"Now we turn our attention to what happens in $S'$, in which the particle is at rest and the wire is running past (toward the left in the figure) with the speed $v$. The positive charges moving with the wire will make some magnetic field $\ B'$ at the particle. But the particle is now at $rest$, so there is no magnetic force on it! If there is no magnetic force on the particle, it must come from an electric field. It must be that the moving wire has produced an electric field. But it can do that only if it appears $charged$-it must be that a neutral wire with a current appears to be charged when set in motion."

So i got this from Feynman's lectures in physics volume 2 pg 13-7 and 13-8. I find it hard to believe that the particle experiences no magnetic force due to the moving wire although it's stationary. Since this is classical and not quantum electrodynamics if we assume the charged particle to have inertia, then by Newton's second law, the particle will remain at rest until acted upon by an external force, which i assume is the $magnetic$ $wind$ created by the moving wire past the stationary charged particle. Could someone please clarify??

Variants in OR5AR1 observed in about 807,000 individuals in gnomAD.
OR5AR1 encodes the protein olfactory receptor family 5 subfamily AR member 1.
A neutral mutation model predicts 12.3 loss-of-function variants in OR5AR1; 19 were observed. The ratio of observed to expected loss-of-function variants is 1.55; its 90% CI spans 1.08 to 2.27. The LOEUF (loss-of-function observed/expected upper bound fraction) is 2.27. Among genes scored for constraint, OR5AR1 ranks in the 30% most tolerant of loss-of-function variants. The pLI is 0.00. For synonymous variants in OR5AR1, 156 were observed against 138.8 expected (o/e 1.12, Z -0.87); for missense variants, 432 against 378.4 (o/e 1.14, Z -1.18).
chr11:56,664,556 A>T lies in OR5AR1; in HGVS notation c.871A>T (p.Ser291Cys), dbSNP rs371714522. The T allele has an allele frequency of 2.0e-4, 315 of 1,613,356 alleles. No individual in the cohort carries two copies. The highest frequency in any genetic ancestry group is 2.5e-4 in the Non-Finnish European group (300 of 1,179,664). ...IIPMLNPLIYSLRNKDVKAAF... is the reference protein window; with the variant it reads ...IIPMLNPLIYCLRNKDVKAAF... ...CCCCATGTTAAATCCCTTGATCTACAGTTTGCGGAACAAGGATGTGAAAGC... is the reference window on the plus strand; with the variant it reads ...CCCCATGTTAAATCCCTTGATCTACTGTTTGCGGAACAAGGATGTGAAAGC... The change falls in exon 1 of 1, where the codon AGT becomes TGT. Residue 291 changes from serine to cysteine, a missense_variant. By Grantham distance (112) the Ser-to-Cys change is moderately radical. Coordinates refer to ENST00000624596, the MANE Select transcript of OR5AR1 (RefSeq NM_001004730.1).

1 Answer 1


The whole point of Feynman's paragraph is to show that what we might believe is not what must happen by physical law. The full electromagnetic force on a particle is the Lorentz force, which is

$$\vec{F} = q (\vec{E} + \vec{v} \times \vec{B})$$

Since the particle is stationary, the second summand is necessarily $0$ in the frame considered, and so, in this frame, there must be an electric field, since we know the total force is not zero.

I've just paraphrased Feynman above, this is exactly what he wants to tell you: As counterintuitive as it may seem, moving magnetic fields seem to be electric, and vice versa.

  • $\begingroup$ What if the wire were circular and the charged particle was placed above and the wire rotated in such a way that the particle was always above it? $\endgroup$
    – pkjag
    Jun 29, 2014 at 12:14
  • $\begingroup$ Stationary particles cannot experience magnetic forces. There are no ifs and buts, experiencing a magnetic force is contingent on being already moving. The formula above holds always, and if $\vec{v}=0$, you can't outsmart it by constructing a somehow "special" situation where still $\vec{v} = 0$. $\endgroup$
    – ACuriousMind
    Jun 29, 2014 at 12:18
  • $\begingroup$ So the $v$ considered above is for the charged particle and not for the moving wire? $\endgroup$
    – pkjag
    Jun 29, 2014 at 12:23
  • $\begingroup$ Yes, indeed. Sorry if that was not clear. In the above, the $\vec{E}$ and $\vec{B}$ are the fields produced by the wire, and the $q$ and $\vec{v}$ are properties of the particle. $\endgroup$
    – ACuriousMind
    Jun 29, 2014 at 12:25

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